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The Heart Sutra: Implications of Quantum Superposition in the Buddha Nature

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The Heart Sūtra (Sanskrit: प्रज्ञापारमिताहृदय Prajñāpāramitāhṛdaya or Chinese: 心經 Xīnjīng) is a popular sutra in Mahāyāna Buddhism. Its Sanskrit title, Prajñāpāramitāhṛdaya, can be translated as "The Heart of the Perfection of Wisdom".

The sutra famously states, "Form is empty, emptiness is form." (śūnyatā). It is a condensed exposé on the Buddhist Mahayana teaching of the Two Truths doctrine, which says that ultimately all phenomena are sunyata, empty of an unchanging essence. This emptiness is a 'characteristic' of all phenomena, and not a transcendent reality, but also "empty" of an essence of its own. Specifically, it is a response to Sarvastivada teachings that "phenomena" or its constituents are real.[2]:9

 

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In the sutra, Avalokiteśvara addresses Śariputra, explaining the fundamental emptiness (śūnyatā) of all phenomena, known through and as the five aggregates of human existence (skandhas): form (rūpa), feeling (vedanā), volitions (saṅkhāra), perceptions (saṃjñā), and consciousness (vijñāna). Avalokiteśvara famously states, "Form is Emptiness (śūnyatā). Emptiness is Form", and declares the other skandhas to be equally empty—that is, dependently originated.

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You posted this in my Sumer thread.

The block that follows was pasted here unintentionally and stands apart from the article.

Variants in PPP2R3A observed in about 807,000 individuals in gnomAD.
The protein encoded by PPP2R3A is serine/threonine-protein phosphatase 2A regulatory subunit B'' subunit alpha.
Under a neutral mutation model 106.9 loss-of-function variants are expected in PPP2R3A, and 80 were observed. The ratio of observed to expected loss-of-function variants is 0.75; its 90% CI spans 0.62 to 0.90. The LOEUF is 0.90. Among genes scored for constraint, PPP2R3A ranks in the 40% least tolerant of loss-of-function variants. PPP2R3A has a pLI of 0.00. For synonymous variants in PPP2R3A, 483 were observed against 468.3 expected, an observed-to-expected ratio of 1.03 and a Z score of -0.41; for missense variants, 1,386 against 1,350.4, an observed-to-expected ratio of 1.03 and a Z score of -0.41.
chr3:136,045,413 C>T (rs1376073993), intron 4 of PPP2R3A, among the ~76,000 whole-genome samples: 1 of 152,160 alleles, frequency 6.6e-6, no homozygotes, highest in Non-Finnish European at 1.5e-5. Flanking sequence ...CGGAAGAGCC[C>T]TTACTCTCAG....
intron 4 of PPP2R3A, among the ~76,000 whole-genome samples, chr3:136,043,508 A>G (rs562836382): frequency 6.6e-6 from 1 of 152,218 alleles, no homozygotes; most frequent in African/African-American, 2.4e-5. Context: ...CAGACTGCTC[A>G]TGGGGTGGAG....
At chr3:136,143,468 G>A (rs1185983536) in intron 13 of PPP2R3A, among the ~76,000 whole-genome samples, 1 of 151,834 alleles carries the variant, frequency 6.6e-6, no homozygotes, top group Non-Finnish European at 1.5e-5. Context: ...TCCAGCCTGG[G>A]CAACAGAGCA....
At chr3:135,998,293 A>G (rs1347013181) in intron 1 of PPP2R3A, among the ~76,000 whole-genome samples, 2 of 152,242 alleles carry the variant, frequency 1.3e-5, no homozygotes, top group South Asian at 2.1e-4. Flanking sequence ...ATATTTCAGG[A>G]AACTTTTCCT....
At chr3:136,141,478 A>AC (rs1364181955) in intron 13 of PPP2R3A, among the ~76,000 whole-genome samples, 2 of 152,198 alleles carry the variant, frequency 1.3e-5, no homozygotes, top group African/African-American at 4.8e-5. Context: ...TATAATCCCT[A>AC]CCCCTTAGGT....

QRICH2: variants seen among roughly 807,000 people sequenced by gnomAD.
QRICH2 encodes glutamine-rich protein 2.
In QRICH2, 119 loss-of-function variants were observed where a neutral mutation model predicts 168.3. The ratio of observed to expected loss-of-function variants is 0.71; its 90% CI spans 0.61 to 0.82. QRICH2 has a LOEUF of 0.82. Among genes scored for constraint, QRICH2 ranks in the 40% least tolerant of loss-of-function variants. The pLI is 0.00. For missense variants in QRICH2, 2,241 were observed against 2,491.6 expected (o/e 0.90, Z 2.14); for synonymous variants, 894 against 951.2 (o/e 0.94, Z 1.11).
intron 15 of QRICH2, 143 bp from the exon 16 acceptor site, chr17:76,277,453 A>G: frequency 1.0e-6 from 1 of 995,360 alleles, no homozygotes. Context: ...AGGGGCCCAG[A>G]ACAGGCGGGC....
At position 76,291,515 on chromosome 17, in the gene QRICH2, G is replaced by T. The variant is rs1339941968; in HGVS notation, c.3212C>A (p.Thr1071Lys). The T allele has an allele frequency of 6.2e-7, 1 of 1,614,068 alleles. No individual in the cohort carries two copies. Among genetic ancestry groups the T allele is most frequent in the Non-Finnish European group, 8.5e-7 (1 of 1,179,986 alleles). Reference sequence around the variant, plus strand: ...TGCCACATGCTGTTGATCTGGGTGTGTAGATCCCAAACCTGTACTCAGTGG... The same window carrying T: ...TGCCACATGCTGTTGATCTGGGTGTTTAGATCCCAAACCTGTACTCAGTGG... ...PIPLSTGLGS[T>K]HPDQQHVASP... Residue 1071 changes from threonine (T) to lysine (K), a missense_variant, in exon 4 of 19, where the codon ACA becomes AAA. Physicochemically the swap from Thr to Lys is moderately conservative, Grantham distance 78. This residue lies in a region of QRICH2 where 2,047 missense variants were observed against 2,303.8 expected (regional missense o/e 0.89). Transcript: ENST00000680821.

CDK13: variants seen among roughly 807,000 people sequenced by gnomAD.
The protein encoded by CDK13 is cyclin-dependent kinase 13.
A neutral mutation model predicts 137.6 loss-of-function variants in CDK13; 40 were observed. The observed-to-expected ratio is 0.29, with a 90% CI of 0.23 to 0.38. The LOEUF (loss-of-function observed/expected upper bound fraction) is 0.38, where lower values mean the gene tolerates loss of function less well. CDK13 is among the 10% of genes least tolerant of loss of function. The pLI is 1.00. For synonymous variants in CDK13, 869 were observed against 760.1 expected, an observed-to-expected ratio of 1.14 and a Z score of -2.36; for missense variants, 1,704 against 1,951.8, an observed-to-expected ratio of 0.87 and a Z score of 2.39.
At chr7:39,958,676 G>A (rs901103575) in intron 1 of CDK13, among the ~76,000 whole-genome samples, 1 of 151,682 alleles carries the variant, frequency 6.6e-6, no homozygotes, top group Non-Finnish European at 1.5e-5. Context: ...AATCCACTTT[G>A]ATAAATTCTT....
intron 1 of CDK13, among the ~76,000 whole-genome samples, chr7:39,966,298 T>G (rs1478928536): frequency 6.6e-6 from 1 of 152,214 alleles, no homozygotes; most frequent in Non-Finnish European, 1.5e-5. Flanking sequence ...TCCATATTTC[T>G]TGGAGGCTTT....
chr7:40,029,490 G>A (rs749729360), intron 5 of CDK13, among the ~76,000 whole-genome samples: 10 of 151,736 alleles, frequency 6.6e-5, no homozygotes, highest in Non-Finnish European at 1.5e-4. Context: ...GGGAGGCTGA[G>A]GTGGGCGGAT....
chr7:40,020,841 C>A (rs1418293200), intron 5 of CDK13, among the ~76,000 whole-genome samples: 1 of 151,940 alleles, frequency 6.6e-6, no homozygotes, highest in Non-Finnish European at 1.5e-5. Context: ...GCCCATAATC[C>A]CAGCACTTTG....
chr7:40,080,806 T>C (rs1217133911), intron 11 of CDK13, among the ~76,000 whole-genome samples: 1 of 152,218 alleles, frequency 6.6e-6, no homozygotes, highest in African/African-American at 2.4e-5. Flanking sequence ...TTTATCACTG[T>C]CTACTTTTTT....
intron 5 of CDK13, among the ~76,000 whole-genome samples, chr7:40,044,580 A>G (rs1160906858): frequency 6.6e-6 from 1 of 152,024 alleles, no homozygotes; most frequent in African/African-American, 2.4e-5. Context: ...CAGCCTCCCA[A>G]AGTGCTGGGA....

I very politely asked that you remove it.  You responded with this:

 

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I don't know what else to do, so I'm going to just return every contribution of yours of this nature to my thread and copy-paste them (at my leisure, i'm not in a hurry) to every thread of yours unless you cease and desist.  Oh, and due to a weird glitch, every image I post always posts at least twice and i have to manually remove the extras.  I'm not going to in this case.  Extra work.    

 

Please refrain from indulging in meanigless meanness at my expense.  Just stop and you won't see your own threads and comments hit by the returning boomerang.  Thank you for your understanding.  

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Avalokiteśvara then goes through some of the most fundamental Buddhist teachings such as the Four Noble Truths, and explains that in emptiness none of these notions apply. This is interpreted according to the two truths doctrine as saying that teachings, while accurate descriptions of conventional truth, are mere statements about reality—they are not reality itself—and that they are therefore not applicable to the ultimate truth that is by definition beyond mental understanding. Thus the bodhisattva, as the archetypal Mahayana Buddhist, relies on the perfection of wisdom, defined in the Mahāprajñāpāramitā Sūtra to be the wisdom that perceives reality directly without conceptual attachment thereby achieving nirvana.

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The sutra concludes with the mantra gate gate pāragate pārasaṃgate bodhi svāhā, meaning "gone, gone, everyone gone to the other shore, awakening, svaha."

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